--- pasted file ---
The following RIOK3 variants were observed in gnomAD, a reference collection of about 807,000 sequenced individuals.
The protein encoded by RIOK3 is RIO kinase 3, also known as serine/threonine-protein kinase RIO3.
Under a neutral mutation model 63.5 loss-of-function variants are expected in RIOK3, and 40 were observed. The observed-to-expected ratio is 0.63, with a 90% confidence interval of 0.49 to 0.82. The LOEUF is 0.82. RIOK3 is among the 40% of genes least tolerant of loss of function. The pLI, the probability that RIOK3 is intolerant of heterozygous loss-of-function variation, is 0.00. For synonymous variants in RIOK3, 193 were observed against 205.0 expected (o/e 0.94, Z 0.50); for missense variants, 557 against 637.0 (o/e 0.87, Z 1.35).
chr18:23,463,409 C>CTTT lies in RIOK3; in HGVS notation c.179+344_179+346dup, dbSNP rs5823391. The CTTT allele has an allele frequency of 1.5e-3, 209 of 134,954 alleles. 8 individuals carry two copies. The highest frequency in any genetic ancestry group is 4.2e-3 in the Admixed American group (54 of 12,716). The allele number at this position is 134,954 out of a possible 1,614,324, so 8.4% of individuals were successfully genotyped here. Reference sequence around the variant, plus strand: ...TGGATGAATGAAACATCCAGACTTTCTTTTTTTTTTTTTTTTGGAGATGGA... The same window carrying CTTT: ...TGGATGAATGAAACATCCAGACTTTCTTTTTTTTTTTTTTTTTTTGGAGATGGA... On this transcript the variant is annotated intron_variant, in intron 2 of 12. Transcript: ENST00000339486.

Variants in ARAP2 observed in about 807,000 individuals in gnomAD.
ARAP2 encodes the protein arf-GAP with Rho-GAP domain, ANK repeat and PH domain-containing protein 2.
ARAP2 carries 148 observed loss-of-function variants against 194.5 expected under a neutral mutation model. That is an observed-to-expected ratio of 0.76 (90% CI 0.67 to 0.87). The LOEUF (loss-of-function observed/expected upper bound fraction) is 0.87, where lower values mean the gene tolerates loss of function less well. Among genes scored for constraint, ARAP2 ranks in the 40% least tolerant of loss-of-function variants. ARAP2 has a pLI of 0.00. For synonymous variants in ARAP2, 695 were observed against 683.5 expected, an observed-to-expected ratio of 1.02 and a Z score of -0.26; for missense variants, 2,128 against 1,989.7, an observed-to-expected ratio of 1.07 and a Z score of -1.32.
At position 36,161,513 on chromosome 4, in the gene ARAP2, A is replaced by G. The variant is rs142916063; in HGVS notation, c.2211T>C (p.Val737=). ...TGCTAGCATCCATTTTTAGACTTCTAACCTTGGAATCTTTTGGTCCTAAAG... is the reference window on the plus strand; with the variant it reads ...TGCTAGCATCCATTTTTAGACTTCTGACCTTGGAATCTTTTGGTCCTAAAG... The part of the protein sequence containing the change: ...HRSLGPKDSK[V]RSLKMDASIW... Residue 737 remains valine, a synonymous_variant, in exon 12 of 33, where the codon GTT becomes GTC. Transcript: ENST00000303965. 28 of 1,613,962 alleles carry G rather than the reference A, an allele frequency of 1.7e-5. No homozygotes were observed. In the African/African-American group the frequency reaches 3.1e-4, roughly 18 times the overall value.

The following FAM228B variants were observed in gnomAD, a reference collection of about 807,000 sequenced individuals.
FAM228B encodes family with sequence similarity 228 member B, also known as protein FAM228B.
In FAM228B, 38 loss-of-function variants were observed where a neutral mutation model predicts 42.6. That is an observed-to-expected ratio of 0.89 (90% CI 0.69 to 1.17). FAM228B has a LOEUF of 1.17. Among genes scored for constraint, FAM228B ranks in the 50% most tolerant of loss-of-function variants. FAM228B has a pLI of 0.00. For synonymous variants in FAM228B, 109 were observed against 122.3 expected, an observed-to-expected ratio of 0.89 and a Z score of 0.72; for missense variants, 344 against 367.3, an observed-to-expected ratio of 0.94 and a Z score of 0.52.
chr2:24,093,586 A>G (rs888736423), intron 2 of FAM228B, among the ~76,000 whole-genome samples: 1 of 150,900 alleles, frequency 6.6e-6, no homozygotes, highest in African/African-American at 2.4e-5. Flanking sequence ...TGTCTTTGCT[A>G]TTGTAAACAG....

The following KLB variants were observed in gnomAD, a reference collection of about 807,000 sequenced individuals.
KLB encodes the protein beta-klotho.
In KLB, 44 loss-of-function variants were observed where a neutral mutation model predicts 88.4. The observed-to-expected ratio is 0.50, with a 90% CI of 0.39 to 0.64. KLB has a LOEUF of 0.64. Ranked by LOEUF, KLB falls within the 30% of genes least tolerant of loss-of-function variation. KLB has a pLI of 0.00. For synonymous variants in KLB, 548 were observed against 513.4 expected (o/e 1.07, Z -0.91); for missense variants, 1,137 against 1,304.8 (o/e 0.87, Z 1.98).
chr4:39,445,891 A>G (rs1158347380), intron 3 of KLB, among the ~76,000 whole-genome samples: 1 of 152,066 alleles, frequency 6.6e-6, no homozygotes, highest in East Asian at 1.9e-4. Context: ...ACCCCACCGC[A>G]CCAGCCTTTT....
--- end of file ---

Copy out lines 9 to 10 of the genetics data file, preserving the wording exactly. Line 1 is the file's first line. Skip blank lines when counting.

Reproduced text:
The following FAM228B variants were observed in gnomAD, a reference collection of about 807,000 sequenced individuals.
FAM228B encodes family with sequence similarity 228 member B, also known as protein FAM228B.